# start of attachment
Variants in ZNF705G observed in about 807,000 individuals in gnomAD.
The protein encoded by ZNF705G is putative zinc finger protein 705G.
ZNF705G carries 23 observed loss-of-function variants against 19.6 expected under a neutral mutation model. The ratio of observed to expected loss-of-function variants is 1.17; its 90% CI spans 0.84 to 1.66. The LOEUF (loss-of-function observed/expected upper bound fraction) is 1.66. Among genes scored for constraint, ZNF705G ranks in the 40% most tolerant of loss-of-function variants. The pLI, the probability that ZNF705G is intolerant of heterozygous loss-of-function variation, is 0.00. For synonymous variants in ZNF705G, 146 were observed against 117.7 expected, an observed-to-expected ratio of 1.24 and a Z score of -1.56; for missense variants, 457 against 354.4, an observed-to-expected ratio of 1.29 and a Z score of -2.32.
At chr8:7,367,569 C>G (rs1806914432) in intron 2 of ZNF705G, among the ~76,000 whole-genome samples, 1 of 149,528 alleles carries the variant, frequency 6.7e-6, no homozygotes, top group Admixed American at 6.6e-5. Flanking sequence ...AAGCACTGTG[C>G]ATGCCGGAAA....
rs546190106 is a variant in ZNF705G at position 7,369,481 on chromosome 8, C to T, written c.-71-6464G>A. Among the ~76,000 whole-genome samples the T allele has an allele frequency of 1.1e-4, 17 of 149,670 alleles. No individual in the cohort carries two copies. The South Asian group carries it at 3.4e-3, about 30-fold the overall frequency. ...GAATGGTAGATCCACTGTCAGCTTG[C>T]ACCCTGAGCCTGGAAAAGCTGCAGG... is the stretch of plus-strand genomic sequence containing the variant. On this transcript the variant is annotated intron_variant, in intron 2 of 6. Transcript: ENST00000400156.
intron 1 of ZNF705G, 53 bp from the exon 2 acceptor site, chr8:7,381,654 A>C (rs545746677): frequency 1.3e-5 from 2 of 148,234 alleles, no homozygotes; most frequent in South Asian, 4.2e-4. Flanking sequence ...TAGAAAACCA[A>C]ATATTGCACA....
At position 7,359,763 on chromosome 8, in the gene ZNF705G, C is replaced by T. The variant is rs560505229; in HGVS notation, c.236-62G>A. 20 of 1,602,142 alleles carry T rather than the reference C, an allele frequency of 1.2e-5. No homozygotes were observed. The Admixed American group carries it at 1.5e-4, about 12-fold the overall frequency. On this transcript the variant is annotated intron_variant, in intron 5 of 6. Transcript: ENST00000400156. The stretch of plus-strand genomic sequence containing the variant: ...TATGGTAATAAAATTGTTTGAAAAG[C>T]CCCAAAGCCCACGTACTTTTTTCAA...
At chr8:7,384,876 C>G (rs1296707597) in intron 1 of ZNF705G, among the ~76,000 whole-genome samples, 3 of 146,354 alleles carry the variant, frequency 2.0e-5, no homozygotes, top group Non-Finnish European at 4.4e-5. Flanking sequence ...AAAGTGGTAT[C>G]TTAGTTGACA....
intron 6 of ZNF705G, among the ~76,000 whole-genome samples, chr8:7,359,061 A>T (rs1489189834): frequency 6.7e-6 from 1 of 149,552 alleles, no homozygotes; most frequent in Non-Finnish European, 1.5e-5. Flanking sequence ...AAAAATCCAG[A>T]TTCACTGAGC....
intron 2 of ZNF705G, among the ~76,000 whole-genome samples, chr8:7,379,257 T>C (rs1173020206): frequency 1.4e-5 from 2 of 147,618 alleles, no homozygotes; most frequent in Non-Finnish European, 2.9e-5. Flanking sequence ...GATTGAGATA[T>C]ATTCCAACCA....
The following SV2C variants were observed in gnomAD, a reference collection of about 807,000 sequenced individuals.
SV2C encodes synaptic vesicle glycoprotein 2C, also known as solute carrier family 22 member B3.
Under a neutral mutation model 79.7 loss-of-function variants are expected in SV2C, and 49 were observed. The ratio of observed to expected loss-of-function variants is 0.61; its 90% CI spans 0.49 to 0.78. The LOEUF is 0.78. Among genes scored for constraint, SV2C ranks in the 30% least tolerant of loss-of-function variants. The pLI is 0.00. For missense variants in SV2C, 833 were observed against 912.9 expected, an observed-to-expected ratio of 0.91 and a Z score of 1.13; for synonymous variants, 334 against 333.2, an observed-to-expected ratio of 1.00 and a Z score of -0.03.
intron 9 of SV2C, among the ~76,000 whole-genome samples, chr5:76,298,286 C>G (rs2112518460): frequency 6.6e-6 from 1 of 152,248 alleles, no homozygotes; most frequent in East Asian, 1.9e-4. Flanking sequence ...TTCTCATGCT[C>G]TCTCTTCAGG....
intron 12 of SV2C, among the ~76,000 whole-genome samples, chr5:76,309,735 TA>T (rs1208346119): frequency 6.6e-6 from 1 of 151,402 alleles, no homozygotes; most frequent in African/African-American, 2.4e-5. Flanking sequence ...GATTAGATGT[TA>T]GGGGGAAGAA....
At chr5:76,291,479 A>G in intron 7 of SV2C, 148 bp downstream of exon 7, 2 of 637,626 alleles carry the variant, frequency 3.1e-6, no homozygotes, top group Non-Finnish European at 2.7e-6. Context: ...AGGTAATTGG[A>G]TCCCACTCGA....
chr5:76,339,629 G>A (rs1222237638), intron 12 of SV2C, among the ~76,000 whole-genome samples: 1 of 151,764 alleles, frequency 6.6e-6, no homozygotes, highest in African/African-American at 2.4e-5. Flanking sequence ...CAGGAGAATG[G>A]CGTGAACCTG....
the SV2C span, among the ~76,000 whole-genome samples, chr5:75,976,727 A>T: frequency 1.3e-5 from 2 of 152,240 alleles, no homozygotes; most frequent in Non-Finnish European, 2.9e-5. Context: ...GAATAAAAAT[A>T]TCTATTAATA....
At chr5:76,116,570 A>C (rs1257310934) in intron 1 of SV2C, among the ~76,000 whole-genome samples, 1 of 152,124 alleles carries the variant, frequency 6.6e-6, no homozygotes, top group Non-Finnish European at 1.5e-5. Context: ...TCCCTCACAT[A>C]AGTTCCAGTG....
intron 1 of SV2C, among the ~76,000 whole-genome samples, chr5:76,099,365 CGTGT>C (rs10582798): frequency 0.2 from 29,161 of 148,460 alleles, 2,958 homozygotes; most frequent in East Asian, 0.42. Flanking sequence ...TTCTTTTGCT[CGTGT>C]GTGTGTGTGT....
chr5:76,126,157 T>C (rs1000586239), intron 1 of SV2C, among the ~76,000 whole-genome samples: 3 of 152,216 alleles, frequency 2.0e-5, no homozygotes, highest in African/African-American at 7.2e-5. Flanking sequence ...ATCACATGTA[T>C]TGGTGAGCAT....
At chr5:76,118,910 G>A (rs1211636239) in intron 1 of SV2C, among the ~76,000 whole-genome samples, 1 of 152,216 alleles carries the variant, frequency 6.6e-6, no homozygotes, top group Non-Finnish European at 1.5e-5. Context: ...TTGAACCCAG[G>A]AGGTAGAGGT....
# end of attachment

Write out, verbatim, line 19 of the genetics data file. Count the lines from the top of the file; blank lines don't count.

At chr5:76,116,570 A>C (rs1257310934) in intron 1 of SV2C, among the ~76,000 whole-genome samples, 1 of 152,124 alleles carries the variant, frequency 6.6e-6, no homozygotes, top group Non-Finnish European at 1.5e-5. Context: ...TCCCTCACAT[A>C]AGTTCCAGTG....